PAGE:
In addition to establishing the intrinsic polarity of individual HCs, precise arrangement of hair bundle patterns in each inner ear organ is regulated by global and intercellular signaling mechanisms as well. The global polarity signaling molecules Wnts are required for establishing directional polarity in the developing mouse limb bud and Drosophila wing (Wu et al., 2013; Gao et al., 2011), as well as hair bundle alignment in the organ of Corti (Qian et al., 2007; Dabdoub and Kelley, 2005). A highly conserved intercellular signaling pathway, the core planar cell polarity (cPCP) pathway, coordinates polarity between adjacent cells. This cPCP complex is comprised of transmembrane proteins Van Gogh (Vang), Frizzled (Fz), and Celsr as well as cytoplasmic proteins such as Dishevelled (Dvl) and Prickle (Pk) (Goodrich and Strutt, 2011; Wallingford, 2012). Mutations of cPCP components such as Van Gogh-like 2 (Vangl2), Fz, and Dvl, affect the coordinated alignment of hair bundles among HCs but not the peripheral positioning of the kinocilium or the intrinsic bundle polarity of individual HCs (Montcouquiol et al., 2003; Wang et al., 2005, 2006).
Hair bundles are misaligned in the maculae of Vangl2 mutants and the LPR is disrupted (Montcouquiol et al., 2006; Yin et al., 2012). However, it is debatable whether this complex is directly involved in the LPR establishment because the distribution of cPCP components such as Prickle-like 2 (Pk2) and Vangl2 are not reversed across the LPR in normal maculae as predicted by the polarity of the hair bundle (Deans et al., 2007; Jones et al., 2014). By contrast, all hair bundles were orientated in the same direction and the LPR was reportedly absent in knockout maculae of Emx2, which encodes a homeobox-containing transcription factor (Holley et al., 2010). This defect was attributed to an imbalance between proliferation and differentiation of sensory precursors rather than a specific role for Emx2 in directing hair bundle polarity.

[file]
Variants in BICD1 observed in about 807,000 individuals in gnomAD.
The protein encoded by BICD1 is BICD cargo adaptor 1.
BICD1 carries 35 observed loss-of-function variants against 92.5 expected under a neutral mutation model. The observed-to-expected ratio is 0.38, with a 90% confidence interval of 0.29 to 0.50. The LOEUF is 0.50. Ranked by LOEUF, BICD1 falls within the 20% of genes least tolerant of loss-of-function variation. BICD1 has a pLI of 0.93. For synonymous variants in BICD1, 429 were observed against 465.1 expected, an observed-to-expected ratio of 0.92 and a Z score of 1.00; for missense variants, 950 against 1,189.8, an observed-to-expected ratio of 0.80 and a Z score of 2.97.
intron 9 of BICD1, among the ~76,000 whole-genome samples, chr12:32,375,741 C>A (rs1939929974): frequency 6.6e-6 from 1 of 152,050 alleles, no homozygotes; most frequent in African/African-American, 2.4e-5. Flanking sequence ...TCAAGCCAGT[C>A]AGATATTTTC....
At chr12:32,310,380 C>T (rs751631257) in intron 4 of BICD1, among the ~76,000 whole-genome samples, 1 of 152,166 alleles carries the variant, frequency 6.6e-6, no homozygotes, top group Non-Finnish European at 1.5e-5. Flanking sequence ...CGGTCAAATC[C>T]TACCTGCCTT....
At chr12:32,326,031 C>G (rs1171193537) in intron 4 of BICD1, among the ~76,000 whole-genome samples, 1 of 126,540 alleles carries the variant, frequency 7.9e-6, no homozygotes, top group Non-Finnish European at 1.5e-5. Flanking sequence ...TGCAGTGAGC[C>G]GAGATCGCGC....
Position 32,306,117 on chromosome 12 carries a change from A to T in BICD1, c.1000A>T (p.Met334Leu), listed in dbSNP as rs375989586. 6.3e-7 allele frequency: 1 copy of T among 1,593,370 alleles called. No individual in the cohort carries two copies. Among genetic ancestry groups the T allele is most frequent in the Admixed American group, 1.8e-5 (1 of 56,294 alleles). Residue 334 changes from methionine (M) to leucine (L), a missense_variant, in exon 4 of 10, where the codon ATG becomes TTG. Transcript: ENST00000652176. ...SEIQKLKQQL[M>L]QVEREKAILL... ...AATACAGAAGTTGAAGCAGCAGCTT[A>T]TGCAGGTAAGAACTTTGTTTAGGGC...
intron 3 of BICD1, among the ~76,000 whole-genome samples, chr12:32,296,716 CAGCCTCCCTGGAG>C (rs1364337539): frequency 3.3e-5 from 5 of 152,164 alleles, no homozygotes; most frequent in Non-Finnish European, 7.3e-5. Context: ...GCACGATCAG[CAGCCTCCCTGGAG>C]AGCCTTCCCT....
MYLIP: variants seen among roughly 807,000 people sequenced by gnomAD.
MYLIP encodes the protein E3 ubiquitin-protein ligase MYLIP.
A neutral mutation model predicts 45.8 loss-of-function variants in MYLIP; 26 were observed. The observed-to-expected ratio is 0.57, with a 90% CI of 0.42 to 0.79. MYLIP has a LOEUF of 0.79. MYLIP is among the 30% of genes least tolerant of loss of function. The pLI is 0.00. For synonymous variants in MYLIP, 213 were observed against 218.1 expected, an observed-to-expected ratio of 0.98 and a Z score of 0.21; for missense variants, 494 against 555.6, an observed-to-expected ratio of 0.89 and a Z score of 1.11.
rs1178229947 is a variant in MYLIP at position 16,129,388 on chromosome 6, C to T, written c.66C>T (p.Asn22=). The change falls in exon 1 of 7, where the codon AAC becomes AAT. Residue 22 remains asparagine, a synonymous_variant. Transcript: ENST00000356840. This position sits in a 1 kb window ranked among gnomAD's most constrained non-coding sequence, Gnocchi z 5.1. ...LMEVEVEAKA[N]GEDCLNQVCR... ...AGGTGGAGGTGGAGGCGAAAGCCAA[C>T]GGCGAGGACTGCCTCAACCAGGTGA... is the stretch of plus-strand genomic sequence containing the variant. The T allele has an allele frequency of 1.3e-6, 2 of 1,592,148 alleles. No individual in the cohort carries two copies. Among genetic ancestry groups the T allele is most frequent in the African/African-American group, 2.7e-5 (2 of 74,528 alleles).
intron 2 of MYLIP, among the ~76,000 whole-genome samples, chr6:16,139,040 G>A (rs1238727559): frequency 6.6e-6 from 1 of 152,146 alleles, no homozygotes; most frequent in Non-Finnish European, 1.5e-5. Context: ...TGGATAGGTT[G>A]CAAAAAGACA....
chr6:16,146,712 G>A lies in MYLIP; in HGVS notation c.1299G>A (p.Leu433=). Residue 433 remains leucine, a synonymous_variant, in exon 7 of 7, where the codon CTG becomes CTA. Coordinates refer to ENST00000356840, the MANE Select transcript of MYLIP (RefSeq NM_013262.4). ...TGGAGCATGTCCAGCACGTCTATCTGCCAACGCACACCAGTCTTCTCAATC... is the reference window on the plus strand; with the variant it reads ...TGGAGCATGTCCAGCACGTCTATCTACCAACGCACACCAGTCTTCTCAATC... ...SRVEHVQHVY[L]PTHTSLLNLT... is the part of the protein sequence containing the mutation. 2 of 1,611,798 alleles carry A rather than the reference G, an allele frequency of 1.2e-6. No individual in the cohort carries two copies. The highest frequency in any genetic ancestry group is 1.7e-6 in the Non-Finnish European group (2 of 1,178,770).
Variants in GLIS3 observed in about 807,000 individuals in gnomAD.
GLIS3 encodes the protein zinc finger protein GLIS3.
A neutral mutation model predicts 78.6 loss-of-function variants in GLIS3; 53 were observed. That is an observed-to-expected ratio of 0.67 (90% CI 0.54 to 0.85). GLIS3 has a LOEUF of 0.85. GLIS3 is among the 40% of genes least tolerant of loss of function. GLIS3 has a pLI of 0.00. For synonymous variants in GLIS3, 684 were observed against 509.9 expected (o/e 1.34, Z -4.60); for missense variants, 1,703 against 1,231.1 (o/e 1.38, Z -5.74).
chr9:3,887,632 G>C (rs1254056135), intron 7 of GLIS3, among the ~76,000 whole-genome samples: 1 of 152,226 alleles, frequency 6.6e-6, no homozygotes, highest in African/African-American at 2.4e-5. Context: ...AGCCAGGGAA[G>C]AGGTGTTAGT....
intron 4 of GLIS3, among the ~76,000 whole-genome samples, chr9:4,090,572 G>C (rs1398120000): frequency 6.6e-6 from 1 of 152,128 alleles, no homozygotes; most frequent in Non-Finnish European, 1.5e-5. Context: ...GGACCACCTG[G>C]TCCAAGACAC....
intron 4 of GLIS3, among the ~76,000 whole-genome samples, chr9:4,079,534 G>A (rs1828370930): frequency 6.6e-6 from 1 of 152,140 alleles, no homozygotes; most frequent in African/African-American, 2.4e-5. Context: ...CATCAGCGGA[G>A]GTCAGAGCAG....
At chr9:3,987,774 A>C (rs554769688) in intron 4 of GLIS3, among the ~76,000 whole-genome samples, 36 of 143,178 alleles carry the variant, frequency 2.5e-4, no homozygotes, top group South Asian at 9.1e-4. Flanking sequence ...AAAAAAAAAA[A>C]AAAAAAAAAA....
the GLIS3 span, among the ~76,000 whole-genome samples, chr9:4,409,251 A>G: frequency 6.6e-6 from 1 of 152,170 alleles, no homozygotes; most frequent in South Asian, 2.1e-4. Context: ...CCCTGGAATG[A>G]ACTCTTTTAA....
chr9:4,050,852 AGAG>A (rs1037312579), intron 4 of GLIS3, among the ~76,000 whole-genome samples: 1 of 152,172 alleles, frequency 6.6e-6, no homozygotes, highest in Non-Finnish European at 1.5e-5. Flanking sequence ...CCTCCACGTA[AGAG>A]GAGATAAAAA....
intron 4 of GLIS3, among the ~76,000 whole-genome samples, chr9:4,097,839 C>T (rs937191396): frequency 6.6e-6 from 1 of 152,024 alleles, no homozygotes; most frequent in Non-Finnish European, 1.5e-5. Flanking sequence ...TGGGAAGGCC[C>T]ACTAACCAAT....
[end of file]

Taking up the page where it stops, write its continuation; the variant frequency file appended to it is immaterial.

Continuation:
In our study, we show that Emx2 expression is required to reverse hair bundles from their ‘default’ polarity in the macula and neuromast. Ectopic expression of Emx2 in HCs is sufficient to reverse the ‘default’ bundle polarity. Our loss- and gain-of-function experiments in both inner ear and neuromast indicate that Emx2 is necessary and sufficient to mediate hair bundle orientation in vertebrate HCs.
We investigated the reported hair bundle polarity phenotype in Emx2 knockout maculae (Holley et al., 2010) by examining the normal expression pattern of Emx2. Using both in situ hybridization and immunostaining, we found that Emx2 expression is restricted to the lateral extrastriolar region (LES) of the utricle and inner region (IR) of the saccule (Figure 1B,C,C’,F,F’, Figure 1—figure supplement 1A–F). The border of the Emx2 expression domain (Figure 1C’,F’, green line bordering the green region) closely follows the LPR in the two maculae, at the lateral edge of the oncomodulin-positive striola in the utricle and at the center of the saccule bisecting the striola (blue outlined; Li et al., 2008; Desai et al., 2005). The coincidence of the Emx2 border (green line) with the LPR (yellow line) was confirmed by comparing Emx2 immunoreactivity to hair bundle polarity. We used the absence of anti-spectrin staining at the kinocilium location for determining hair bundle polarity (Figure 1D–E’,G–H’; Deans et al., 2007). Using this approach, we found that only HCs lateral to the LPR in the utricle and internal to the LPR in the saccule are Emx2 positive and they show polarities different from the rest of the maculae (Figure 1D–E’,G–H’, arrows). These results indicate that Emx2 expression is restricted to one side of the LPR in the maculae that share the same hair bundle polarity.